Winter can be a tough time for fresh produce lovers. Cold temperatures mean there is little in the garden with which to make a salad. Plants like spinach, which are easy to grow in the cooler seasons, are still not frost hardy. Can spinach grow indoors though?
Growing spinach inside is easier than you might think, especially baby varieties. Get some tips on indoor spinach plants and start planning your salad now.
Can Spinach Grow Indoors?
Spinach is a versatile green that is useful in salads, stews, soups, and stir fries. It is also quite easy to grow from seed. Most seeds will sprout in a week and they grow rapidly, with leaves ready for use in a month. Best of all, indoor potted spinach can be used consistently and will grow new leaves.
Greens of many types are among the easiest food crops to grow indoors. They sprout rapidly and take off with little special care. When you grow crops like spinach inside, you can avoid purchasing it in a supermarket, where contamination is often found. Plus, you know it’s organic and safe for your family.
First start with your variety. You can grow standard or baby spinach, but the full sized plants will need more room. Next, select a container. Shallow pots work well, as the spinach does not have a huge root depth. Then, purchase or make a good soil. It should be well draining, as spinach cannot handle soggy conditions.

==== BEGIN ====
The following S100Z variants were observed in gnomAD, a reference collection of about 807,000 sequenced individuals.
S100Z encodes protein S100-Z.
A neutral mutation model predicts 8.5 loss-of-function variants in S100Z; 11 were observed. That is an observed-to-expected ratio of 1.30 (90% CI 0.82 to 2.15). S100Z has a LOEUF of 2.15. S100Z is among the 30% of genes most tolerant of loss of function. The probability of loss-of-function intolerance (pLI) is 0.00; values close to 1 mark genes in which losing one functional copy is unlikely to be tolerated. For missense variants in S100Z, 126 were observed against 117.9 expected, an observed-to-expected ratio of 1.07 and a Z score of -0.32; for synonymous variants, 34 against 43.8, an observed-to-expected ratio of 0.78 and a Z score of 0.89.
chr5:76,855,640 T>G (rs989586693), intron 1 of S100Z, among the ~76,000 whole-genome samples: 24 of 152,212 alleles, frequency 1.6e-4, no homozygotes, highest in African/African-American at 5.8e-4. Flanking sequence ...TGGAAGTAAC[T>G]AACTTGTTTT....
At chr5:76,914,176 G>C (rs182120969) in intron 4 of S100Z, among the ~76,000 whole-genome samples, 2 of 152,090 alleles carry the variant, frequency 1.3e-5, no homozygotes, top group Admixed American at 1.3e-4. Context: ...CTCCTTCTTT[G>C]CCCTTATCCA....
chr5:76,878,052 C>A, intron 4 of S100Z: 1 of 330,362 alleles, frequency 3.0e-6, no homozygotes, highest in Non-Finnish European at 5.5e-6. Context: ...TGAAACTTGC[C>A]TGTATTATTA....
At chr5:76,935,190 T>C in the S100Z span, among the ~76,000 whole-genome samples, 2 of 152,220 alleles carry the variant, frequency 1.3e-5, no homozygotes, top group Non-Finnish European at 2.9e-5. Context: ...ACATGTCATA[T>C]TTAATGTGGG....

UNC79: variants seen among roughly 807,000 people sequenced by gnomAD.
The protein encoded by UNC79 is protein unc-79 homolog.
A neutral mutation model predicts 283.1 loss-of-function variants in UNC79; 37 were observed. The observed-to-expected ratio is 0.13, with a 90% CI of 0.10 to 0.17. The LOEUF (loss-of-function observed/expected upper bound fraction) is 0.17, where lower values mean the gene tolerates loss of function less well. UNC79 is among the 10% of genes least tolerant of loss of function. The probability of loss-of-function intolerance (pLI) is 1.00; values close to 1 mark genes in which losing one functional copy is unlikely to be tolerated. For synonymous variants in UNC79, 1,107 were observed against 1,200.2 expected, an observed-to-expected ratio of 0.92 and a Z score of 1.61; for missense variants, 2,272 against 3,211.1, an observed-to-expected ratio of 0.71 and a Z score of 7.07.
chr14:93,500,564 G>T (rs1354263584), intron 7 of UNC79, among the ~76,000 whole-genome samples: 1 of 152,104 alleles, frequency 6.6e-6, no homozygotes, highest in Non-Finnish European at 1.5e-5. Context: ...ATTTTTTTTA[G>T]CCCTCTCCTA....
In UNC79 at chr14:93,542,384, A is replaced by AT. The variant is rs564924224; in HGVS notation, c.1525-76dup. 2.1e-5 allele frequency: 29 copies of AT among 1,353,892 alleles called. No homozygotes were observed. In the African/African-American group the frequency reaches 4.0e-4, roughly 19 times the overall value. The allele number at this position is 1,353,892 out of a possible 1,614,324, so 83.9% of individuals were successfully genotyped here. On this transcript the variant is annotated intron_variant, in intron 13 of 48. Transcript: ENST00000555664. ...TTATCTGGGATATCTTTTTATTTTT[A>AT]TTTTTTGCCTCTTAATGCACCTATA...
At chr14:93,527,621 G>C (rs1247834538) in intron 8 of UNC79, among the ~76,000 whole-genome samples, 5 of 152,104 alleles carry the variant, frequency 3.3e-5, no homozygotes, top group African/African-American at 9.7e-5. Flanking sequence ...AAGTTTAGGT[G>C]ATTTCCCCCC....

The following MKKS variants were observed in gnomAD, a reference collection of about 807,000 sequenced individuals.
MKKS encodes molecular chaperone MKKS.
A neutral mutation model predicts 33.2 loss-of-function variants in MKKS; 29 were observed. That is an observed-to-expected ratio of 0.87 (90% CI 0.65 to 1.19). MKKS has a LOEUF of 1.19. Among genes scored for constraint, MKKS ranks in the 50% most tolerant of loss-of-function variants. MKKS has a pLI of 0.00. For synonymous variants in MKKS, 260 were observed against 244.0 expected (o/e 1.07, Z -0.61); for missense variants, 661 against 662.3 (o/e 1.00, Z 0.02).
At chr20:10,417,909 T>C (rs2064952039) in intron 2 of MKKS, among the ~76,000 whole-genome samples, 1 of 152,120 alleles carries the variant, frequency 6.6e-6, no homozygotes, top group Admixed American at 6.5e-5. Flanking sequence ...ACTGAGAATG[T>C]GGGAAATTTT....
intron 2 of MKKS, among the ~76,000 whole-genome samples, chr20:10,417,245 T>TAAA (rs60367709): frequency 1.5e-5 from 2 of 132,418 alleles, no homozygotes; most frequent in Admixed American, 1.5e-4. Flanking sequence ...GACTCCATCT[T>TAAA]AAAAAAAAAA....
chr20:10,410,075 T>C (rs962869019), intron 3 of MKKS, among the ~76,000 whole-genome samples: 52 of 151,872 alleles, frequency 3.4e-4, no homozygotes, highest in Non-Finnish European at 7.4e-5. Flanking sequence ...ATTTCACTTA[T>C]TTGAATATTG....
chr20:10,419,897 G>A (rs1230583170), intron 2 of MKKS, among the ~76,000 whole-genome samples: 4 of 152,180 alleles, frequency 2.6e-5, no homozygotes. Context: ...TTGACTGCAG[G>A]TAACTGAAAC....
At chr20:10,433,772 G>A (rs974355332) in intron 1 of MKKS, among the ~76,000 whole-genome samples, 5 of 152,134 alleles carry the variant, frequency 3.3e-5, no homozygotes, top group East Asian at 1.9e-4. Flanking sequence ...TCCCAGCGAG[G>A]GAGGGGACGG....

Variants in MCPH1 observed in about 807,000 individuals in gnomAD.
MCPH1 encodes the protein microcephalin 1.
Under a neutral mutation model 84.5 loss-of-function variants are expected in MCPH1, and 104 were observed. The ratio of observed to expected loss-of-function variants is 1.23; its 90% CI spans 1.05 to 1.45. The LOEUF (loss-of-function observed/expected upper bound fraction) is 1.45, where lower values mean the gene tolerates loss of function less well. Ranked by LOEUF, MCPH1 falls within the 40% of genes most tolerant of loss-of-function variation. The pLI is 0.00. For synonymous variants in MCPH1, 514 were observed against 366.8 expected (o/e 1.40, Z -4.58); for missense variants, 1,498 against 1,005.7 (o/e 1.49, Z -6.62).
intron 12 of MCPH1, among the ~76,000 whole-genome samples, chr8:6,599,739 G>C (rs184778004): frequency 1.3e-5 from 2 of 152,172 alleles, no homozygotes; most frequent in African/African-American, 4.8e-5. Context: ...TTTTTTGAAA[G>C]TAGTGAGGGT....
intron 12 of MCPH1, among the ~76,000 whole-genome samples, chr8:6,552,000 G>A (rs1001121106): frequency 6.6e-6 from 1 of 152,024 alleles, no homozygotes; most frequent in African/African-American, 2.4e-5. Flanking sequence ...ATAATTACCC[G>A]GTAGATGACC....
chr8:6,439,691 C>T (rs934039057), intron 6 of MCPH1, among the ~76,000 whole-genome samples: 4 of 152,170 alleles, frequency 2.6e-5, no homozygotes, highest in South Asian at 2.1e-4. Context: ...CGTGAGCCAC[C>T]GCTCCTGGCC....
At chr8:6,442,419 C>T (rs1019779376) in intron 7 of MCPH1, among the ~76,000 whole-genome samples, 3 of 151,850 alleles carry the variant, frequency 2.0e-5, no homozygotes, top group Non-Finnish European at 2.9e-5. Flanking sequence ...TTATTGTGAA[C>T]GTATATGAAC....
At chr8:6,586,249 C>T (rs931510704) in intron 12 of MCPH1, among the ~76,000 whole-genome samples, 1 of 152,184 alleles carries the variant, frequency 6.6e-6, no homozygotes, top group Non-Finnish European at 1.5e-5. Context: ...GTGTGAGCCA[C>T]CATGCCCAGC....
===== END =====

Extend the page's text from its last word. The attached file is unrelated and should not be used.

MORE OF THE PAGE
Starting Indoor Potted Spinach
Lightly pre-moisten the soil and fill the container. Sow seeds one inch deep (2.5 cm.). For faster germination, place the container in a warm location and cover with plastic. Remove the plastic once per day to let excess moisture escape and prevent damping off. Keep the container lightly moist by misting.
Once you see two pairs of true leaves, thin the little seedlings to at least 3 inches (7.6 cm.) apart. You can use these tiny plants in salad, so don’t throw them away! Indoor spinach plants need to be in fairly bright light. Purchase a plant light if you have a low light situation.
Tips on Growing Spinach Inside
If you live in a region with hot temperatures year-round, purchase a variety that is low to bolt and keep containers in the coolest room of the home. To keep the plants producing those tasty leaves, give them diluted liquid fertilizer after a month. Use an organic formula to ensure the safety of your food or wait at least a week before harvesting any leaves.
Even indoor plants can get bugs, so keep a careful eye out and treat with organic pesticides if necessary. Rotate your container every few days so all sides get good light exposure. When the greens are a few inches (7.6 cm.) apart, start harvesting. Just take a few leaves from each plant for continued production and enjoy.